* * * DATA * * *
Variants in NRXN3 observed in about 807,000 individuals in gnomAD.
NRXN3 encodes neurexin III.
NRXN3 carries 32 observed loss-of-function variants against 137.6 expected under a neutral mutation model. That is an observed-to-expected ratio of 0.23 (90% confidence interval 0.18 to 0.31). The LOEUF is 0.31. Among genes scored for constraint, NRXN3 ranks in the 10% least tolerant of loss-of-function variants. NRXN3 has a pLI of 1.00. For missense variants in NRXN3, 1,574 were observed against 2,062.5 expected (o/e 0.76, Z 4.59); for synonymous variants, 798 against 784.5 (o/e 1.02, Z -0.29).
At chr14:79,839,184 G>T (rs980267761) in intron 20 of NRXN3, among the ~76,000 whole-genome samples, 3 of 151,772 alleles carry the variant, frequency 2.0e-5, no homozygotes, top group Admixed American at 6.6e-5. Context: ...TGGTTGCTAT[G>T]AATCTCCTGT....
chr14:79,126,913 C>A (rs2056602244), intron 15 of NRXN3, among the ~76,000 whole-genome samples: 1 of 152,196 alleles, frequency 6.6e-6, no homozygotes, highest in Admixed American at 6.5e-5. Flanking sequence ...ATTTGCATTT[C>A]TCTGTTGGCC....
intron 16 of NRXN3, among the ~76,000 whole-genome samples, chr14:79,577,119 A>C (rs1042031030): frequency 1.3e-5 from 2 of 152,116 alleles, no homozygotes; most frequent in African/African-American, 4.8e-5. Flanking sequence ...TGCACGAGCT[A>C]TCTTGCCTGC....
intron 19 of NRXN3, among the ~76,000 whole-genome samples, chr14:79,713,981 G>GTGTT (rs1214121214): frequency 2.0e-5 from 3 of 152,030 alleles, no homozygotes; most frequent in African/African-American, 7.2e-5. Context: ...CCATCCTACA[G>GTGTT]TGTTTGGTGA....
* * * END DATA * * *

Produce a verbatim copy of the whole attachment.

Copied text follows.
Variants in NRXN3 observed in about 807,000 individuals in gnomAD.
NRXN3 encodes neurexin III.
NRXN3 carries 32 observed loss-of-function variants against 137.6 expected under a neutral mutation model. That is an observed-to-expected ratio of 0.23 (90% confidence interval 0.18 to 0.31). The LOEUF is 0.31. Among genes scored for constraint, NRXN3 ranks in the 10% least tolerant of loss-of-function variants. NRXN3 has a pLI of 1.00. For missense variants in NRXN3, 1,574 were observed against 2,062.5 expected (o/e 0.76, Z 4.59); for synonymous variants, 798 against 784.5 (o/e 1.02, Z -0.29).
At chr14:79,839,184 G>T (rs980267761) in intron 20 of NRXN3, among the ~76,000 whole-genome samples, 3 of 151,772 alleles carry the variant, frequency 2.0e-5, no homozygotes, top group Admixed American at 6.6e-5. Context: ...TGGTTGCTAT[G>T]AATCTCCTGT....
chr14:79,126,913 C>A (rs2056602244), intron 15 of NRXN3, among the ~76,000 whole-genome samples: 1 of 152,196 alleles, frequency 6.6e-6, no homozygotes, highest in Admixed American at 6.5e-5. Flanking sequence ...ATTTGCATTT[C>A]TCTGTTGGCC....
intron 16 of NRXN3, among the ~76,000 whole-genome samples, chr14:79,577,119 A>C (rs1042031030): frequency 1.3e-5 from 2 of 152,116 alleles, no homozygotes; most frequent in African/African-American, 4.8e-5. Flanking sequence ...TGCACGAGCT[A>C]TCTTGCCTGC....
intron 19 of NRXN3, among the ~76,000 whole-genome samples, chr14:79,713,981 G>GTGTT (rs1214121214): frequency 2.0e-5 from 3 of 152,030 alleles, no homozygotes; most frequent in African/African-American, 7.2e-5. Context: ...CCATCCTACA[G>GTGTT]TGTTTGGTGA....